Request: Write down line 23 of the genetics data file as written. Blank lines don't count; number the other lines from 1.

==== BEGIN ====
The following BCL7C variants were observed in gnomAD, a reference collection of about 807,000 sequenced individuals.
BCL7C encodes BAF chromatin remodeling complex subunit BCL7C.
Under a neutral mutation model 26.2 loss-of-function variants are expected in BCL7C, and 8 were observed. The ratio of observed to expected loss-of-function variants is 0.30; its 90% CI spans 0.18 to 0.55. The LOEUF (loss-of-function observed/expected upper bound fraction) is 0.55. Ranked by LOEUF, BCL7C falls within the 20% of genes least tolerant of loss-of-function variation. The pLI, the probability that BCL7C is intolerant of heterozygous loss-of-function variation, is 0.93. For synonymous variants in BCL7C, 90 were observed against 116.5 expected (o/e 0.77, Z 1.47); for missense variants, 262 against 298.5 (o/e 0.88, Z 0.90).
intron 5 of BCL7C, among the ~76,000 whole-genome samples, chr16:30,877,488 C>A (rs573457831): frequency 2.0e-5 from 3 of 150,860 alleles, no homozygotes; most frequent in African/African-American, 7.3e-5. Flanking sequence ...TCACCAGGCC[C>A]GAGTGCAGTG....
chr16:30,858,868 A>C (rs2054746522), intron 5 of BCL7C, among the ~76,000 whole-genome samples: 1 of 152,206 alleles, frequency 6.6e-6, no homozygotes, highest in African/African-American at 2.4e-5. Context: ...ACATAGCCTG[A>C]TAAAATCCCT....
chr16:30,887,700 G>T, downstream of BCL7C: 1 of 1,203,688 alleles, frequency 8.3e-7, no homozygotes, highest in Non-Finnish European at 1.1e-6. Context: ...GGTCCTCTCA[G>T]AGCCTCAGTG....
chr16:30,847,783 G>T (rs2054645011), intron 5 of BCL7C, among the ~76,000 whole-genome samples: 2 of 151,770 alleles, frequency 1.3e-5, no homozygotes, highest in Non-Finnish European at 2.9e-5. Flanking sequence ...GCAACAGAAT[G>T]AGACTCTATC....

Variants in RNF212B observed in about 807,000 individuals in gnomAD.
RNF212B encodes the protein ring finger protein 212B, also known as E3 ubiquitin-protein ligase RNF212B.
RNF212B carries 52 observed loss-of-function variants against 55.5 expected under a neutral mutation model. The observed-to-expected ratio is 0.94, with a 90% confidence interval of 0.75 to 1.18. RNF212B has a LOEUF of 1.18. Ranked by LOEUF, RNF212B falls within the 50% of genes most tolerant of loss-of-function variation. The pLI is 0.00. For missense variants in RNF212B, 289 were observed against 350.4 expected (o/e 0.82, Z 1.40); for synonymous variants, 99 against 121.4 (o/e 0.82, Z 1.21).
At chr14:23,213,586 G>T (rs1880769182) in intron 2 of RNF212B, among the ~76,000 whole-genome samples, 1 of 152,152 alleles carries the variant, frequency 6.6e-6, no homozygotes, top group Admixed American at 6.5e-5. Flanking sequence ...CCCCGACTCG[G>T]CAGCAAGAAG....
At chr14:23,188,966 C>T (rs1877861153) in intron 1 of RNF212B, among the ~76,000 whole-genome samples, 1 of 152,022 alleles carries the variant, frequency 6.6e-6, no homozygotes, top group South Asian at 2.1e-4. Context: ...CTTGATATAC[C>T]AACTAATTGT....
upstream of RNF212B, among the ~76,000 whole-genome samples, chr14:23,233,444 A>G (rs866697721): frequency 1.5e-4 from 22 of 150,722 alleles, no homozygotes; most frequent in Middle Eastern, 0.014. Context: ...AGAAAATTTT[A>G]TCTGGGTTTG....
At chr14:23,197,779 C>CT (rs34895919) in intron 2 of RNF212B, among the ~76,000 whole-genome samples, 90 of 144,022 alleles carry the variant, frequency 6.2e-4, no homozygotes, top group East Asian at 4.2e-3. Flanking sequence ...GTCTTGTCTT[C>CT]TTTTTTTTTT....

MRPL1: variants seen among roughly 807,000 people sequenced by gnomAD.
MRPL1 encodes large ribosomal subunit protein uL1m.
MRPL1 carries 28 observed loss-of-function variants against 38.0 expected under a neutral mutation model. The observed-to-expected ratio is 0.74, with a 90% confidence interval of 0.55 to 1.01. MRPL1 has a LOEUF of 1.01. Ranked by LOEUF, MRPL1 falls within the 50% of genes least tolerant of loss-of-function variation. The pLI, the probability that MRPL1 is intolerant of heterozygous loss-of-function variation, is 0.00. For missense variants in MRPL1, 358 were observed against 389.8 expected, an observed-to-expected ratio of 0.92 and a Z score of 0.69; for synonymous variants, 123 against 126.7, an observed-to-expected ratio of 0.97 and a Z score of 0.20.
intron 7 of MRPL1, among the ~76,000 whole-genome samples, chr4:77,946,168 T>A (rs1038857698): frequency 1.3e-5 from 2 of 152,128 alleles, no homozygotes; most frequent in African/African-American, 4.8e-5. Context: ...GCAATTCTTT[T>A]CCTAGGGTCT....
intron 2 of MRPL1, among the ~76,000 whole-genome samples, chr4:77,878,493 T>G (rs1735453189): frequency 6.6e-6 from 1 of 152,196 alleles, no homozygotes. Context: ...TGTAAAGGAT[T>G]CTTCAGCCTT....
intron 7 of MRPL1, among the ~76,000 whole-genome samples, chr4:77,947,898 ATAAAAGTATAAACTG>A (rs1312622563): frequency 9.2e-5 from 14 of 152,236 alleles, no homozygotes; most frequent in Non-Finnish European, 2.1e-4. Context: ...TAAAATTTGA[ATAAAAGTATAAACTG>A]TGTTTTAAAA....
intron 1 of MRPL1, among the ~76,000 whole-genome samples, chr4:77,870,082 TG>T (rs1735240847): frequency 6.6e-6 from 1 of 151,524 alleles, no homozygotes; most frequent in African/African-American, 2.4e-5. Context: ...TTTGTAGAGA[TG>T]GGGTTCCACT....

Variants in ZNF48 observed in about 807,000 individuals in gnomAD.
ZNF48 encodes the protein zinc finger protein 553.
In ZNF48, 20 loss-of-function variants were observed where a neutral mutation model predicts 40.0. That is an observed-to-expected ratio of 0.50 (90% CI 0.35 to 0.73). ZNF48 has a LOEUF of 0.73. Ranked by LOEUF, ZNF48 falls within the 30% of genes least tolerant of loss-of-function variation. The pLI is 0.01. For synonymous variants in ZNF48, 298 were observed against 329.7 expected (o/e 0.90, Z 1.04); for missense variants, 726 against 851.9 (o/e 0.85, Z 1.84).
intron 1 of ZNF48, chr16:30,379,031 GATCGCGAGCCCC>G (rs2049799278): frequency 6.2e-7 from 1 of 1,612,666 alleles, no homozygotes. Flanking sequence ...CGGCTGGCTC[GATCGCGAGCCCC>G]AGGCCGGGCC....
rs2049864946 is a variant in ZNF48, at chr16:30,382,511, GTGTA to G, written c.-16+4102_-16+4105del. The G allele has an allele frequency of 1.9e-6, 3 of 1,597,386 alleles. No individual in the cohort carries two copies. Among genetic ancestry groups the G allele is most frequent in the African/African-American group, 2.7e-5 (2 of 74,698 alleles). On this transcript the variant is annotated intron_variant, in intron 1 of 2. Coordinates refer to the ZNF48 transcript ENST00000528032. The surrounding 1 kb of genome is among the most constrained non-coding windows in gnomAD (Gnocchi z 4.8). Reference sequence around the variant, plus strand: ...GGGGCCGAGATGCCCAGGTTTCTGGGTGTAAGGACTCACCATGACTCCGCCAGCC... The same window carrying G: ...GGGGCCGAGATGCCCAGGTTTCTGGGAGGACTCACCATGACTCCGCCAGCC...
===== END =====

ZNF48 encodes the protein zinc finger protein 553.